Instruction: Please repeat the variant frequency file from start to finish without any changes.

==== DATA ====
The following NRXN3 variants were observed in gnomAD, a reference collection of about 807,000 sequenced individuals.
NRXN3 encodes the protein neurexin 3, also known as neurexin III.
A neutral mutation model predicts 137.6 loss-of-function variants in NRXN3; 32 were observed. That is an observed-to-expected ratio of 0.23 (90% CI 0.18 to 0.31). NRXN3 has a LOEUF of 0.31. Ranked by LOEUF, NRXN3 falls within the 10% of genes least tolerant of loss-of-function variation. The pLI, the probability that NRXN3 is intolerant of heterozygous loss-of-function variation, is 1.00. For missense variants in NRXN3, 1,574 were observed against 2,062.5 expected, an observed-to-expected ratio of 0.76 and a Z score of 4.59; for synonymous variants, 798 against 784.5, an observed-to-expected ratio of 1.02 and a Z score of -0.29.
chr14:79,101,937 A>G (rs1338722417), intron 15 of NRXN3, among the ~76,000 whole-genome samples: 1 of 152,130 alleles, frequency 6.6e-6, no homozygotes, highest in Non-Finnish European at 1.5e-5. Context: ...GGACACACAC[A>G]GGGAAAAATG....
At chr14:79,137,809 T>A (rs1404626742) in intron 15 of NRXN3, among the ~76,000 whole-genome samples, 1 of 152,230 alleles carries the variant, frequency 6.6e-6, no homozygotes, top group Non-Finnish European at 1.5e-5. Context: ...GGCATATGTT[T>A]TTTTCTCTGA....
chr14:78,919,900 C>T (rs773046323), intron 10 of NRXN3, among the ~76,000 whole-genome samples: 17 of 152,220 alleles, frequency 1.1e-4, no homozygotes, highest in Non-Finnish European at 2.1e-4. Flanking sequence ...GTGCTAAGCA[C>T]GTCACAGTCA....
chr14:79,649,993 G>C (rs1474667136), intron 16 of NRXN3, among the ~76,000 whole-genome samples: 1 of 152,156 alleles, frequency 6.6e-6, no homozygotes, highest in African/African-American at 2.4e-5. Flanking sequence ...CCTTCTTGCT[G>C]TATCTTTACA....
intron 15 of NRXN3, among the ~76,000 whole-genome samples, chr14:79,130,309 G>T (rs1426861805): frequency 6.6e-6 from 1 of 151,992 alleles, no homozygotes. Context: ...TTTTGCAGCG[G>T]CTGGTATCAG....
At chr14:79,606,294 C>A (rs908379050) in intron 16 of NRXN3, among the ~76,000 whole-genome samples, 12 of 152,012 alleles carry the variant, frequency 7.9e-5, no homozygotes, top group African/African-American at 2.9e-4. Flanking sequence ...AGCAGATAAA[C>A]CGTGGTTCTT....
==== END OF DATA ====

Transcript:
The following NRXN3 variants were observed in gnomAD, a reference collection of about 807,000 sequenced individuals.
NRXN3 encodes the protein neurexin 3, also known as neurexin III.
A neutral mutation model predicts 137.6 loss-of-function variants in NRXN3; 32 were observed. That is an observed-to-expected ratio of 0.23 (90% CI 0.18 to 0.31). NRXN3 has a LOEUF of 0.31. Ranked by LOEUF, NRXN3 falls within the 10% of genes least tolerant of loss-of-function variation. The pLI, the probability that NRXN3 is intolerant of heterozygous loss-of-function variation, is 1.00. For missense variants in NRXN3, 1,574 were observed against 2,062.5 expected, an observed-to-expected ratio of 0.76 and a Z score of 4.59; for synonymous variants, 798 against 784.5, an observed-to-expected ratio of 1.02 and a Z score of -0.29.
chr14:79,101,937 A>G (rs1338722417), intron 15 of NRXN3, among the ~76,000 whole-genome samples: 1 of 152,130 alleles, frequency 6.6e-6, no homozygotes, highest in Non-Finnish European at 1.5e-5. Context: ...GGACACACAC[A>G]GGGAAAAATG....
At chr14:79,137,809 T>A (rs1404626742) in intron 15 of NRXN3, among the ~76,000 whole-genome samples, 1 of 152,230 alleles carries the variant, frequency 6.6e-6, no homozygotes, top group Non-Finnish European at 1.5e-5. Context: ...GGCATATGTT[T>A]TTTTCTCTGA....
chr14:78,919,900 C>T (rs773046323), intron 10 of NRXN3, among the ~76,000 whole-genome samples: 17 of 152,220 alleles, frequency 1.1e-4, no homozygotes, highest in Non-Finnish European at 2.1e-4. Flanking sequence ...GTGCTAAGCA[C>T]GTCACAGTCA....
chr14:79,649,993 G>C (rs1474667136), intron 16 of NRXN3, among the ~76,000 whole-genome samples: 1 of 152,156 alleles, frequency 6.6e-6, no homozygotes, highest in African/African-American at 2.4e-5. Flanking sequence ...CCTTCTTGCT[G>C]TATCTTTACA....
intron 15 of NRXN3, among the ~76,000 whole-genome samples, chr14:79,130,309 G>T (rs1426861805): frequency 6.6e-6 from 1 of 151,992 alleles, no homozygotes. Context: ...TTTTGCAGCG[G>T]CTGGTATCAG....
At chr14:79,606,294 C>A (rs908379050) in intron 16 of NRXN3, among the ~76,000 whole-genome samples, 12 of 152,012 alleles carry the variant, frequency 7.9e-5, no homozygotes, top group African/African-American at 2.9e-4. Flanking sequence ...AGCAGATAAA[C>A]CGTGGTTCTT....